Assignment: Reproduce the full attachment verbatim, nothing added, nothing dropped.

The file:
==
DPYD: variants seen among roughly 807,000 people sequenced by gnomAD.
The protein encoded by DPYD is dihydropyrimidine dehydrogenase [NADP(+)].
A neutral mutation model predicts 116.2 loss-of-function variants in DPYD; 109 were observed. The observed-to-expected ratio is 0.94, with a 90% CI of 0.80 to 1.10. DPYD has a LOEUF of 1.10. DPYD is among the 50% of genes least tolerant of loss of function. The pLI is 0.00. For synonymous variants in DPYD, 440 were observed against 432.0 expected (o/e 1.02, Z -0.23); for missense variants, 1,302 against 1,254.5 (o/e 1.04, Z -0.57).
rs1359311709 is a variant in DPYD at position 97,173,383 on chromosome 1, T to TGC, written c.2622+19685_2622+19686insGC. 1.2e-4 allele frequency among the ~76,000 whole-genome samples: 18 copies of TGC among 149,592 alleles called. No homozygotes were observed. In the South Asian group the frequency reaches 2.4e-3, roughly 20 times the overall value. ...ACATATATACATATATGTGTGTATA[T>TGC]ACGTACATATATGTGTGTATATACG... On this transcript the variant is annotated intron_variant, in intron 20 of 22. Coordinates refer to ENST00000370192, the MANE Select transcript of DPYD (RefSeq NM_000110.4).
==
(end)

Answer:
DPYD: variants seen among roughly 807,000 people sequenced by gnomAD.
The protein encoded by DPYD is dihydropyrimidine dehydrogenase [NADP(+)].
A neutral mutation model predicts 116.2 loss-of-function variants in DPYD; 109 were observed. The observed-to-expected ratio is 0.94, with a 90% CI of 0.80 to 1.10. DPYD has a LOEUF of 1.10. DPYD is among the 50% of genes least tolerant of loss of function. The pLI is 0.00. For synonymous variants in DPYD, 440 were observed against 432.0 expected (o/e 1.02, Z -0.23); for missense variants, 1,302 against 1,254.5 (o/e 1.04, Z -0.57).
rs1359311709 is a variant in DPYD at position 97,173,383 on chromosome 1, T to TGC, written c.2622+19685_2622+19686insGC. 1.2e-4 allele frequency among the ~76,000 whole-genome samples: 18 copies of TGC among 149,592 alleles called. No homozygotes were observed. In the South Asian group the frequency reaches 2.4e-3, roughly 20 times the overall value. ...ACATATATACATATATGTGTGTATA[T>TGC]ACGTACATATATGTGTGTATATACG... On this transcript the variant is annotated intron_variant, in intron 20 of 22. Coordinates refer to ENST00000370192, the MANE Select transcript of DPYD (RefSeq NM_000110.4).